“Teachers, kids and parents are fearing for their lives,” Ms. Pressley wrote. “You point to a private sector that has put profits over people and claimed the lives of thousands of essential workers. I wouldn’t trust you to care for a house plant, let alone my child.”
Ms. DeVos’s threat to withhold federal funding from school districts that do not reopen to in-person instruction angers even those who share her beliefs that public schools have failed the most vulnerable students.
Sarah Carpenter, the executive director of Memphis Lift, a parent advocacy group that is critical of the city’s public schools, said her community was struggling with death, joblessness, the lack of high-speed internet in homes and children with no electronic devices. She echoed concerns captured in surveys, like ones compiled in Washington, D.C., which showed that communities hit hardest by the virus were most unsure about sending their children into a classroom.
“You want us to take a chance and send our kids to a building that wasn’t even sanitary before they left. It’s not safe,” Ms. Carpenter said.
Education leaders and medical experts have identified reopening schools as a national priority, particularly for children of color whose communities have borne the brunt of the crisis. Students need to recover from the academic and emotional toll the pandemic has taken, and to regain access to assistance programs like school meals and social services.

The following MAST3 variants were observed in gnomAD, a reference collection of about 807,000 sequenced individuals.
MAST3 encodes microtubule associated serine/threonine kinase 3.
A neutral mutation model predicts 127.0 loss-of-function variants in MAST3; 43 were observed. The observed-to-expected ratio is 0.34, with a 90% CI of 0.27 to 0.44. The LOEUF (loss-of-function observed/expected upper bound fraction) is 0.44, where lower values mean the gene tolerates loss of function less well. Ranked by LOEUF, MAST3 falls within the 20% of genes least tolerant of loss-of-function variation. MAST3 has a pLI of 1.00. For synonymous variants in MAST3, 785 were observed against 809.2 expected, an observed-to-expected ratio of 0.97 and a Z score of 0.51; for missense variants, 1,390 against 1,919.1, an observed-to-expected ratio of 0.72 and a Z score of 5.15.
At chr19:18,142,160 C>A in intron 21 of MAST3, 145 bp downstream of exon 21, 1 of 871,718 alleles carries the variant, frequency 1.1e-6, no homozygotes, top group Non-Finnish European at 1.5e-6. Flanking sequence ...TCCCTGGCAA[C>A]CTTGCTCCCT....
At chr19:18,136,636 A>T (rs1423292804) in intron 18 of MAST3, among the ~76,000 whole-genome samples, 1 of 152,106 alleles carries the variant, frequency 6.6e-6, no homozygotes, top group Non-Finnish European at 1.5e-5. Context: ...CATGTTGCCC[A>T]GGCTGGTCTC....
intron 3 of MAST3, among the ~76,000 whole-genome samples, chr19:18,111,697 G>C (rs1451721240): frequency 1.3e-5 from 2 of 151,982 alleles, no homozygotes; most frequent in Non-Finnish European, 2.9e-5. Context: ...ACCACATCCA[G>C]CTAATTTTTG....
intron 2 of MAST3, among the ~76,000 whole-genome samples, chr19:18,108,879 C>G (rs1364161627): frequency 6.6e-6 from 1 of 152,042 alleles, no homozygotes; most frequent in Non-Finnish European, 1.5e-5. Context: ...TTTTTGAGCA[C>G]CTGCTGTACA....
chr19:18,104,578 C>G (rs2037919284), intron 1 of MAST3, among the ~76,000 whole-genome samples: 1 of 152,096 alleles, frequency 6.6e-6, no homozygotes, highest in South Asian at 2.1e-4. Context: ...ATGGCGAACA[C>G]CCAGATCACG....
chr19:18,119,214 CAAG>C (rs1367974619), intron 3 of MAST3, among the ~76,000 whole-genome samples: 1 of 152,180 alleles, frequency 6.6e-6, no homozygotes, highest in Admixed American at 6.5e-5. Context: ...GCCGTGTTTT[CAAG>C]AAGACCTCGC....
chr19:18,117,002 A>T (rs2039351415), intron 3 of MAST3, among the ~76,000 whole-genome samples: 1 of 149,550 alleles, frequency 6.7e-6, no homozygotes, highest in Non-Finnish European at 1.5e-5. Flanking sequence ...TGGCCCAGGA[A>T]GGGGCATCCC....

Before last week, Ms. DeVos seemed to think there were many ways schools could meet this challenge. In recent months, she had been criticized for using the coronavirus to push policy changes that would create more options for families during the pandemic, including vouchers for private schools, tutoring and virtual schools.
In early April, she announced new distance-learning rules for higher education, saying that the national emergency “underscores the need for reform and for all educational institutions to have a robust capacity to teach remotely.” Later that month, she announced a microgrant competition, in which states could compete for $180 million grants to set up statewide virtual learning, course-access programs and “new, field-initiated models for providing remote education not yet imagined.”